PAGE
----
Distortion Testing

The low levels of distortion expected for the MJR7 amplifiers make measurement difficult. My signal generator has second harmonic at -87dB at 1kHz, so this would be useless if I just applied this to the amplifier input and measured the output. There are ways to reduce the generator distortion, ranging from a single capacitor across its output to more complex filters to reject the distortion frequencies.
The solution I have always chosen is to use a signal nulling circuit to reject as much as possible of the test signal and its distortion. One circuit I have been using to test the Mk5 amplifier is shown next. This is suitable only for testing an inverting amplifier.

The circuit is similar to one which appeared in Wireless World, Nov 1977 , page 65, in an article by Peter Baxandall.

The MJR7 has voltage gain about -18, so with an input Vin, if it adds distortion D, its output is -18Vin + D.
The test circuit feedback amplifier has two inputs, one is the original test signal Vin, taken via a gain and phase adjustment network, the other is the MJR7 output, which is taken via 56k so that the test amplifier with its 56k feedback resistor gives gain -1. With careful adjustment of the variable resistor and capacitor the Vin and -18Vin can be made to cancel, leaving just the distortion D. In practice accurate nulling of Vin is difficult, but reduction by 40dB is enough to make accurate measurement possible.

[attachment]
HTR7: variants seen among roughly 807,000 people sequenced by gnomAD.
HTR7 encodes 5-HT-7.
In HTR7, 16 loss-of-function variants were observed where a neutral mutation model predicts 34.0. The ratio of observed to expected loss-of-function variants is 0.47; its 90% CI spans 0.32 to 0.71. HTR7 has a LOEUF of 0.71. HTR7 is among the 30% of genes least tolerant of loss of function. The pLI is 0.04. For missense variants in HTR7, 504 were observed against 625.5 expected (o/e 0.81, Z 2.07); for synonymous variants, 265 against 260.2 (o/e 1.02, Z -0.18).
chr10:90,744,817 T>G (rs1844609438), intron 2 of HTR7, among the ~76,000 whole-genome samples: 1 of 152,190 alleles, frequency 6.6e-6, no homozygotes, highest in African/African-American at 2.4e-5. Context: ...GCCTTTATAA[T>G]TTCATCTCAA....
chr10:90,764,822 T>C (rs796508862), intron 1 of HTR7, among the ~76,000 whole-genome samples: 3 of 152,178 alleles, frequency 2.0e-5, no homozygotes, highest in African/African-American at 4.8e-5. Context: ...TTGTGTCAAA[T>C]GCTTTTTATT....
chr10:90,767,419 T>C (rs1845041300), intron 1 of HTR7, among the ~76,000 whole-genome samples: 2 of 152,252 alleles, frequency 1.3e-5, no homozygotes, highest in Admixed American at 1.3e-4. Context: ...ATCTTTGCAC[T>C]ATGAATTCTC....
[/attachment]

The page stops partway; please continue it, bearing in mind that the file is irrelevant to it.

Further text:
Checking the gain confirmed a very accurate unity gain for the distortion. Two diodes are included at the output to protect the soundcard from excessive voltage. I have no specification for maximum input to my soundcard, so I don't like to connect direct to any amplifier output without some protection. Signal level needs to be kept below about 100mV to avoid the diodes adding significant distortion.